There’s a great scene in Osmosis Jones, a semi-animated flick about the insides of zookeeper Frank Detomello’s (Bill Murray) body, when a serious virus hits “City of Frank.” Instead of going to see a doctor, he pops a flu pill saying, “Sick? I’m not getting sick! I have far too much planned.” Meanwhile, down in the ailing metropolis of Frank, the mayor (without due process) throws the Override Switch.
It’s remarkable how many times in a single day we do the same. If we aren’t ignoring the messages from our bodies, we are behaving oppositely to our feelings, doing what’s expected, staying in the canoe when we’d rather bail, acting kindly when we’re mad as hell, or putting on a happy face to mask the miserable.
Now, at first glance, overriding may not seem problematic.After all, we have to behave in civilized society. We can’t just throw tantrums in the grocery aisles when we feel tired and fed up.But when you consider the cumulative effect of a society of overriders, the results are staggering.
To understand what override looks like at the collective level, consider the sheer volume of people taking antidepressants (prescriptions for SSRIs in Canada increased from 3.2 to 14.5 million between 1981 and 2000), and then wonder why depression is still on the rise.Or ask why such a high number of sexual predators are associated with the religious and moral right. You might even begin to wonder what lives under our tendency to violence in this society.
“To make war is an inability with grief,” says poet and shaman Martín Prechtel, “Shame and depression are an inability with grief. Grief is the source of art. The only source of art. Violence is an inability with grief.”
You can feel how infinitely more relaxing this story is from the one we’re normally taught.As I overheard a mother instructing her distraught toddler in Override 101 the other day, “Superman doesn’t cry!” The creative individual, Prechtel teaches, reaches into his grief and discomforts for poetry. Now while you may not consider yourself an artist, what is life but a sculpture of one’s choices?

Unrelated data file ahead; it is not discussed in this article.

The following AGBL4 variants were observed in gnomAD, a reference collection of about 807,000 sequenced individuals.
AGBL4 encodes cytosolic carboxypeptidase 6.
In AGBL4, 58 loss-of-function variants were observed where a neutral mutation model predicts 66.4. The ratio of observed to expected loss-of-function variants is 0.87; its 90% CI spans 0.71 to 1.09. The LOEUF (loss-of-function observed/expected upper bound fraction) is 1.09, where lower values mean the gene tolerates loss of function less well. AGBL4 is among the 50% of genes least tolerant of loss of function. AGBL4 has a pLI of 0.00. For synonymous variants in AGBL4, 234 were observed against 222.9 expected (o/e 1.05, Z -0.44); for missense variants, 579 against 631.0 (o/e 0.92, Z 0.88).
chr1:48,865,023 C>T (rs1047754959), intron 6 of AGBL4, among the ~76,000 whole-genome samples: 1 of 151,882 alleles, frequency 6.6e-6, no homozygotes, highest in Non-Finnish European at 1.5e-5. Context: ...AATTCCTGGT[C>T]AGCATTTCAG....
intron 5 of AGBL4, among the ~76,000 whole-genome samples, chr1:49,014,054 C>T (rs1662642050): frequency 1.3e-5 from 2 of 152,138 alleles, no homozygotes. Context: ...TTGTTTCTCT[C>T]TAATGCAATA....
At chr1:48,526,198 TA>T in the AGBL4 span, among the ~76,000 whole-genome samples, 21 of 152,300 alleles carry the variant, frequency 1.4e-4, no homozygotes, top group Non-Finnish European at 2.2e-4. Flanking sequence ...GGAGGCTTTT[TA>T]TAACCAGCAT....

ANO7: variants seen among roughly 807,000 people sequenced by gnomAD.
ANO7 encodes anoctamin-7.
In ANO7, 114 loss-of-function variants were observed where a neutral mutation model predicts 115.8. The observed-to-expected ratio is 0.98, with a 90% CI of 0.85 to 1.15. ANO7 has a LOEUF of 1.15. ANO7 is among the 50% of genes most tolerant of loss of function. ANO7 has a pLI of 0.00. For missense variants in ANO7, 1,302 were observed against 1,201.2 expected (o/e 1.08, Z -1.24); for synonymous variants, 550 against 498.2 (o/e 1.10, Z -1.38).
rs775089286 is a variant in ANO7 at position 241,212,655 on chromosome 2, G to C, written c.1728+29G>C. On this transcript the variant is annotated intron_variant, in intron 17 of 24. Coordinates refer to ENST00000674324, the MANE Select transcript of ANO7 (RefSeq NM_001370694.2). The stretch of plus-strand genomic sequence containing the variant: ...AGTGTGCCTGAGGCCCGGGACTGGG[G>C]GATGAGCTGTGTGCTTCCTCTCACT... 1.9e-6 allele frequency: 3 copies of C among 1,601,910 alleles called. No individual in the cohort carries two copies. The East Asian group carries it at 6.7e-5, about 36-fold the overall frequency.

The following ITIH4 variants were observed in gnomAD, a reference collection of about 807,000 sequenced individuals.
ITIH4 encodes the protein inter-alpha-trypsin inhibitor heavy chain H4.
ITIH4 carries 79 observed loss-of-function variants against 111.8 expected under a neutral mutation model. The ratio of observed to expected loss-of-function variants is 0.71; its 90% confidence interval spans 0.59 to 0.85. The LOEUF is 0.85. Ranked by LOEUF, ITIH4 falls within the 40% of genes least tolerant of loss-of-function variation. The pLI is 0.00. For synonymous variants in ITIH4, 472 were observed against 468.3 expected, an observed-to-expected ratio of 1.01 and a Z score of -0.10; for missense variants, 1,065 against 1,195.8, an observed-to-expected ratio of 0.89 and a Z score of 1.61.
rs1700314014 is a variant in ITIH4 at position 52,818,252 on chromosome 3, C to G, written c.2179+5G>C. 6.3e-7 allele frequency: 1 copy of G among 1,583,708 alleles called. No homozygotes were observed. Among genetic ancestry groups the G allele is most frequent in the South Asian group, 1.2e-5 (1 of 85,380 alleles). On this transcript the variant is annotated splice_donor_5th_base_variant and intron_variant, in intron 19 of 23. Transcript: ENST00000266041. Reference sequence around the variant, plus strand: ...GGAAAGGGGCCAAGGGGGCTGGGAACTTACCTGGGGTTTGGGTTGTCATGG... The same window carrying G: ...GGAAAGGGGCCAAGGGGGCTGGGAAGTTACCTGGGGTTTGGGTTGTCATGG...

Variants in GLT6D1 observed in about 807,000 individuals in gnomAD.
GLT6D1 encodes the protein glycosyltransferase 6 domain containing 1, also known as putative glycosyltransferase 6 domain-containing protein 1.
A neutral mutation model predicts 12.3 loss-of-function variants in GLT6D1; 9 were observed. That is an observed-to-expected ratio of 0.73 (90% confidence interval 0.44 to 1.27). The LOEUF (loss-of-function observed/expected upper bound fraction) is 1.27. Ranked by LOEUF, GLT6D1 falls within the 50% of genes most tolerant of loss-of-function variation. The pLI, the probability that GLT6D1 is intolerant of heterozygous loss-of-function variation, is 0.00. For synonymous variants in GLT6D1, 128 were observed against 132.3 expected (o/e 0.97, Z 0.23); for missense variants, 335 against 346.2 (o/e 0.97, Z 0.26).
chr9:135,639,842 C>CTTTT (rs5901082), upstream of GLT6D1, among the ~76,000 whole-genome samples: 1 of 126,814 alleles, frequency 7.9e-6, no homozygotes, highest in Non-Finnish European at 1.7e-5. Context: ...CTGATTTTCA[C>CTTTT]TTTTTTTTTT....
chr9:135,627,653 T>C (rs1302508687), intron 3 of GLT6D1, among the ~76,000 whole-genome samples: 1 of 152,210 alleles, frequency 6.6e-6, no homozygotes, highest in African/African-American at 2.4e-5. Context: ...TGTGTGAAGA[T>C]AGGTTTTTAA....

Eckhart Tolle, author of The Power of Now, talks about override in slightly different terms. He says that most of our difficulties come from resisting the present moment. Resistances are normal, but instead of affirming whatever is coming up, we resist our resistance, placing another “no” on top of the first “no,” telling ourselves we shouldn’t feel that way, we don’t want that pain, we should be more evolved, less emotional, stronger, etc.
The first step to dropping resistance is listening to it.Until we can do that, it will keep coming up and we’ll find ourselves on the Override Loop, “Argh.I hate this situation!But I should be more patient.Argh.I hate this situation!”
Yessing the dilemma does not mean staying in it.But you can only take action to rectify your predicament once you’ve admitted you’re in one.From there, you can begin to drop that which is draining or embittering you and redirect your energy towards that which you love.
“You love what you love more than you love your hate,” Prechtel teaches. “If what you love is the divine, story, culture, children, then instead of blowing a whistle, you’ll strive to keep the seeds alive.”